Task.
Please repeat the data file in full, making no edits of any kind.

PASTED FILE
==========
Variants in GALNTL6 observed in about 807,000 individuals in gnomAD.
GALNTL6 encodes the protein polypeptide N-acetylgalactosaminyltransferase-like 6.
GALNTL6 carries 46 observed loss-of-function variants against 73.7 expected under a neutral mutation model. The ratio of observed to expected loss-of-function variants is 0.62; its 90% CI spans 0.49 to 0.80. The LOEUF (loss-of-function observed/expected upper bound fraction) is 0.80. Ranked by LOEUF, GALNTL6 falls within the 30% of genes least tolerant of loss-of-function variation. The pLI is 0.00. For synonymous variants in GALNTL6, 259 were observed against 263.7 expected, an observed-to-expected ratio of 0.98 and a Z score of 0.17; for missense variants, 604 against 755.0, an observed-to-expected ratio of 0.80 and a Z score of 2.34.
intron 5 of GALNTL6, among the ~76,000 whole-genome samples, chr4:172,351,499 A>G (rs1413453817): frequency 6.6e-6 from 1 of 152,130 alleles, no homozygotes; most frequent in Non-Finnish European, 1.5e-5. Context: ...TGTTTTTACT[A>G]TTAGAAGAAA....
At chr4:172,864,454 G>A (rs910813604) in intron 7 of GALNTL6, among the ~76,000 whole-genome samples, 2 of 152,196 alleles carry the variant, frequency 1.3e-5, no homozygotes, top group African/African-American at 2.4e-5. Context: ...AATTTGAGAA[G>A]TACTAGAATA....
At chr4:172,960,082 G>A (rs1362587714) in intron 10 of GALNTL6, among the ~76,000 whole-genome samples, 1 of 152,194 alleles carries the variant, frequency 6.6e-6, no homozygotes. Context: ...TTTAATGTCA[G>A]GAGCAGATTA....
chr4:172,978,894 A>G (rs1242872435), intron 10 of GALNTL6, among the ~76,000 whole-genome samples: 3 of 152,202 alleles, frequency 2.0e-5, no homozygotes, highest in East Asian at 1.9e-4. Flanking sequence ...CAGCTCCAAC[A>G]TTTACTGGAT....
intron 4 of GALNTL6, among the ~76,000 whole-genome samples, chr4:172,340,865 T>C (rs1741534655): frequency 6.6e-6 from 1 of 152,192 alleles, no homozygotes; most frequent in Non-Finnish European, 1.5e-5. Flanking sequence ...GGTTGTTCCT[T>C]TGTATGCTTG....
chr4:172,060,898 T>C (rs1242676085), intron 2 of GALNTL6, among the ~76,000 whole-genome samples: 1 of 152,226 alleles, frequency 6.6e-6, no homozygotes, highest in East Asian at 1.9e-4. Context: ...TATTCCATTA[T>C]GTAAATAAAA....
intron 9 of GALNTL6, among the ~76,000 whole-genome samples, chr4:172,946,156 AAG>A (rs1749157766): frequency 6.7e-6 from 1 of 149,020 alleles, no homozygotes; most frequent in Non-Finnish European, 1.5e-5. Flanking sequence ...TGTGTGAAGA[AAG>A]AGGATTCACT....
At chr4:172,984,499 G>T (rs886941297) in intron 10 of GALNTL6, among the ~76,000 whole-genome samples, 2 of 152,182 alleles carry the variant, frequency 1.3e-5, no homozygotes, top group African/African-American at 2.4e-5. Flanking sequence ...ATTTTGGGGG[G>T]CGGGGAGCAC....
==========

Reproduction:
Variants in GALNTL6 observed in about 807,000 individuals in gnomAD.
GALNTL6 encodes the protein polypeptide N-acetylgalactosaminyltransferase-like 6.
GALNTL6 carries 46 observed loss-of-function variants against 73.7 expected under a neutral mutation model. The ratio of observed to expected loss-of-function variants is 0.62; its 90% CI spans 0.49 to 0.80. The LOEUF (loss-of-function observed/expected upper bound fraction) is 0.80. Ranked by LOEUF, GALNTL6 falls within the 30% of genes least tolerant of loss-of-function variation. The pLI is 0.00. For synonymous variants in GALNTL6, 259 were observed against 263.7 expected, an observed-to-expected ratio of 0.98 and a Z score of 0.17; for missense variants, 604 against 755.0, an observed-to-expected ratio of 0.80 and a Z score of 2.34.
intron 5 of GALNTL6, among the ~76,000 whole-genome samples, chr4:172,351,499 A>G (rs1413453817): frequency 6.6e-6 from 1 of 152,130 alleles, no homozygotes; most frequent in Non-Finnish European, 1.5e-5. Context: ...TGTTTTTACT[A>G]TTAGAAGAAA....
At chr4:172,864,454 G>A (rs910813604) in intron 7 of GALNTL6, among the ~76,000 whole-genome samples, 2 of 152,196 alleles carry the variant, frequency 1.3e-5, no homozygotes, top group African/African-American at 2.4e-5. Context: ...AATTTGAGAA[G>A]TACTAGAATA....
At chr4:172,960,082 G>A (rs1362587714) in intron 10 of GALNTL6, among the ~76,000 whole-genome samples, 1 of 152,194 alleles carries the variant, frequency 6.6e-6, no homozygotes. Context: ...TTTAATGTCA[G>A]GAGCAGATTA....
chr4:172,978,894 A>G (rs1242872435), intron 10 of GALNTL6, among the ~76,000 whole-genome samples: 3 of 152,202 alleles, frequency 2.0e-5, no homozygotes, highest in East Asian at 1.9e-4. Flanking sequence ...CAGCTCCAAC[A>G]TTTACTGGAT....
intron 4 of GALNTL6, among the ~76,000 whole-genome samples, chr4:172,340,865 T>C (rs1741534655): frequency 6.6e-6 from 1 of 152,192 alleles, no homozygotes; most frequent in Non-Finnish European, 1.5e-5. Flanking sequence ...GGTTGTTCCT[T>C]TGTATGCTTG....
chr4:172,060,898 T>C (rs1242676085), intron 2 of GALNTL6, among the ~76,000 whole-genome samples: 1 of 152,226 alleles, frequency 6.6e-6, no homozygotes, highest in East Asian at 1.9e-4. Context: ...TATTCCATTA[T>C]GTAAATAAAA....
intron 9 of GALNTL6, among the ~76,000 whole-genome samples, chr4:172,946,156 AAG>A (rs1749157766): frequency 6.7e-6 from 1 of 149,020 alleles, no homozygotes; most frequent in Non-Finnish European, 1.5e-5. Flanking sequence ...TGTGTGAAGA[AAG>A]AGGATTCACT....
At chr4:172,984,499 G>T (rs886941297) in intron 10 of GALNTL6, among the ~76,000 whole-genome samples, 2 of 152,182 alleles carry the variant, frequency 1.3e-5, no homozygotes, top group African/African-American at 2.4e-5. Flanking sequence ...ATTTTGGGGG[G>T]CGGGGAGCAC....